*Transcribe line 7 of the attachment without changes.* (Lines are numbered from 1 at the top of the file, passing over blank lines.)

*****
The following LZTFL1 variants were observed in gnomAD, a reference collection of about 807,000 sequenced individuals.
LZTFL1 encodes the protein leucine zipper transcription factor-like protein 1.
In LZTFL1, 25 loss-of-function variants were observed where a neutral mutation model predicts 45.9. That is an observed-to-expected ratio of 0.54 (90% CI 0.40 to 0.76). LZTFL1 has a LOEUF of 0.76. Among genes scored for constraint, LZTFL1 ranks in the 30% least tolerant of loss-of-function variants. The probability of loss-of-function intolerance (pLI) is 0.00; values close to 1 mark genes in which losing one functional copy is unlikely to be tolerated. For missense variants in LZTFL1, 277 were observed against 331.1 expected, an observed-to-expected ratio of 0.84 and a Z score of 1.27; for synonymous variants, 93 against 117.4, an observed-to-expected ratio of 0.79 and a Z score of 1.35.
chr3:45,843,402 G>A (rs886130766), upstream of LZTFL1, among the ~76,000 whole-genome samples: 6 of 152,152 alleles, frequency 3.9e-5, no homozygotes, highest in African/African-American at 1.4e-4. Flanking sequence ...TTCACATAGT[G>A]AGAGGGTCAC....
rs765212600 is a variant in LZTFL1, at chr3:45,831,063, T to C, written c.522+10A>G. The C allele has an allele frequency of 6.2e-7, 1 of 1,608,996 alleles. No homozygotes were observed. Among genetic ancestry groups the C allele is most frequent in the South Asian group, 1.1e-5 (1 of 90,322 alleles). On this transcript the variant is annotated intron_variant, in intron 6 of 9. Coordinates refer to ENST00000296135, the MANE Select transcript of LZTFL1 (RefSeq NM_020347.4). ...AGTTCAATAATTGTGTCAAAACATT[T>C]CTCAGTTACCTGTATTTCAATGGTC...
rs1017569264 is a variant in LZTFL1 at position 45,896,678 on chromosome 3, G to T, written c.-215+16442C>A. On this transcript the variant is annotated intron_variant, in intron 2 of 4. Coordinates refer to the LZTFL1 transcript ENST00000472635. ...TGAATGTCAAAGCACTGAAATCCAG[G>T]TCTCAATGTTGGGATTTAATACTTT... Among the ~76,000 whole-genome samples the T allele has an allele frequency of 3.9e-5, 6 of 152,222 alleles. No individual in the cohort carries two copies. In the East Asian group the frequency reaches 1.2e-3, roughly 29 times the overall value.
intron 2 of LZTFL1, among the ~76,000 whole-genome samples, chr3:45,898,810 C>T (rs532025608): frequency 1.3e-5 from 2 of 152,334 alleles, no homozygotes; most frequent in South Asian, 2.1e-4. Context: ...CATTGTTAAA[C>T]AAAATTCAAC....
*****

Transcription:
intron 2 of LZTFL1, among the ~76,000 whole-genome samples, chr3:45,898,810 C>T (rs532025608): frequency 1.3e-5 from 2 of 152,334 alleles, no homozygotes; most frequent in South Asian, 2.1e-4. Context: ...CATTGTTAAA[C>T]AAAATTCAAC....